Phil Gramm and Mike SolonOpinion contributorsPublished 10:09am ET Oct. 30 2020
On election night 2014, Sen. Mitch McConnell was reelected to the Senate and subsequently became Senate majority leader. On that special night, he shared with his supporters his belief in the central promise of America, which he had learned from his parents, “that every generation will leave the next one a little better off than the one before… This is the compact that every generation of Americans has made with one that followed it… we’ve always made good on it.”
But he added, “As I’ve traveled throughout Kentucky over that past year, I’ve sensed new doubts. Suddenly folks aren’t so sure that that compact will survive…” Kentuckians were worried in 2014 and for good reason. What Obama and Biden called a recovery starting in 2009, Kentuckians called pain. By 2014, census data showed the Obama-Biden “recovery” had pushed 40,247 more Kentuckians into poverty and slashed the average Kentucky household income by $5,077. The American dream and the Kentucky dream were both fading.
So what difference did it make to Kentucky and America that McConnell became majority leader of the U.S. Senate? A lot! By bringing the Obama legislative agenda to an end in 2015 and pushing through the Trump tax cut in late 2017, McConnell brought strong economic growth back to America and Kentucky.
The U.S. Census Bureau now tells us what the stronger growth McConnell helped deliver as Senate majority leader has meant to the families across the Bluegrass state since 2014. From 2014 to 2019, average Kentucky household income shot up by a record $12,876, a whopping 30%. Never have Kentuckians had such a surge in real income since the census started to collect state income data. Almost 114,000 Kentuckians escaped poverty. Job growth has leapt by 106,000, growing over three times faster than when a Democrat Senate was implementing the Obama-Biden policy. Kentucky’s unemployment rate in 2019 dropped to its lowest level in two decades.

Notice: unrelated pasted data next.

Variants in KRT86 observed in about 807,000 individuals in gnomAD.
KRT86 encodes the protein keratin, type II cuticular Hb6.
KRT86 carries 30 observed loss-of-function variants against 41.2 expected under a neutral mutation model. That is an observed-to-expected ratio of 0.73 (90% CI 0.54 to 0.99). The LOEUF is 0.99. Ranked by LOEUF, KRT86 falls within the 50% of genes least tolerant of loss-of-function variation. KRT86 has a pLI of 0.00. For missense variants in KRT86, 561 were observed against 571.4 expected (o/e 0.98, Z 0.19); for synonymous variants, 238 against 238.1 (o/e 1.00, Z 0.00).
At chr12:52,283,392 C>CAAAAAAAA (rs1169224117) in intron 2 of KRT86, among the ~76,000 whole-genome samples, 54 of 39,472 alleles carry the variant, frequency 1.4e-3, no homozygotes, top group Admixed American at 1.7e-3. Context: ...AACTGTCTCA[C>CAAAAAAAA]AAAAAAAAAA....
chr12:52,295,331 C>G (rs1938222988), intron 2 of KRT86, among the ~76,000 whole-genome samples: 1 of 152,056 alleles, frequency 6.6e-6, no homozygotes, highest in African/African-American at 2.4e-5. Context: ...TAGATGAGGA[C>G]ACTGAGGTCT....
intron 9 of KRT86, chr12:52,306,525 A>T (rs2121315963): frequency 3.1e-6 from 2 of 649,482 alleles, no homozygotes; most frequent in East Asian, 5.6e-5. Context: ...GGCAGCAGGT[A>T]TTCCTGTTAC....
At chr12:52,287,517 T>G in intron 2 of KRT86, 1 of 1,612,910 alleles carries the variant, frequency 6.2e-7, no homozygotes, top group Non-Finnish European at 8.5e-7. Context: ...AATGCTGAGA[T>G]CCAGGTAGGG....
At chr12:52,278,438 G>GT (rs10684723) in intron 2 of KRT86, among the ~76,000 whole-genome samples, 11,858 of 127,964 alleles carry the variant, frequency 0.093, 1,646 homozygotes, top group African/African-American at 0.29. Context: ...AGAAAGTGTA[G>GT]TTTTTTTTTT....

This surge in jobs, incomes and prosperity has restored hope for Kentuckians. With bigger paychecks, Kentuckians invested in their future and their families. The most recently available census data shows Kentucky has added an extra 43,000 college graduates and post graduates to its economy since McConnell helped bring economic growth back to Kentucky and America. That’s twice as many new college graduates making Kentucky their home as we currently have students enrolled at the University of Louisville.
Thanks to McConnell’s leadership, census data nationwide shows prosperity replacing poverty across America. “The 2019 poverty rate of 10.5 percent is the lowest rate observed since estimates were initially published in 1959… the Black poverty rate was the lowest since 1959… The 2019 Hispanic poverty rate of 15.7 percent reflects the lowest poverty rate for this population since estimates were first produced in 1972…. For Asians, the 2019 poverty rate of 7.3 percent is the lowest observed since estimates were first produced for this population in 2002…. The 2019 poverty rate of 14.4 percent reflects the lowest child poverty rate observed since 1973” (emphasis appropriately added).
And no, McConnell didn’t forget the rest of America’s wagon pullers. Census reports “real median household income in 2019 was the highest since 1967,” and the typical American household had their 2019 income rise in just one year alone by more than it rose in all eight years of the Obama-Biden administration. Not since Henry Clay has a Senate leader done so much for his state and the whole nation.
A bad bug, not bad economic policy shutdown progress. The question we are trying to answer in this election is how do we bring that progress back? Does anybody believe prosperity could be restored to the pre-pandemic level by adopting the Biden-Sanders-Warren-McGrath agenda, which is far more socialist than the failed progressivism of the Obama-Biden era? Can anybody realistically deny such an agenda will be implemented if Biden is elected president, McConnell is defeated and the Democrats take control of the Senate? Thankfully, the people of Kentucky will have a big say in choosing America’s future and the choice has never been clearer.
Sen. Phil Gramm served for 18 years in the Senate with Sen. Mitch McConnell, and Mike Solon was a senior policy staffer for Gramm and McConnell.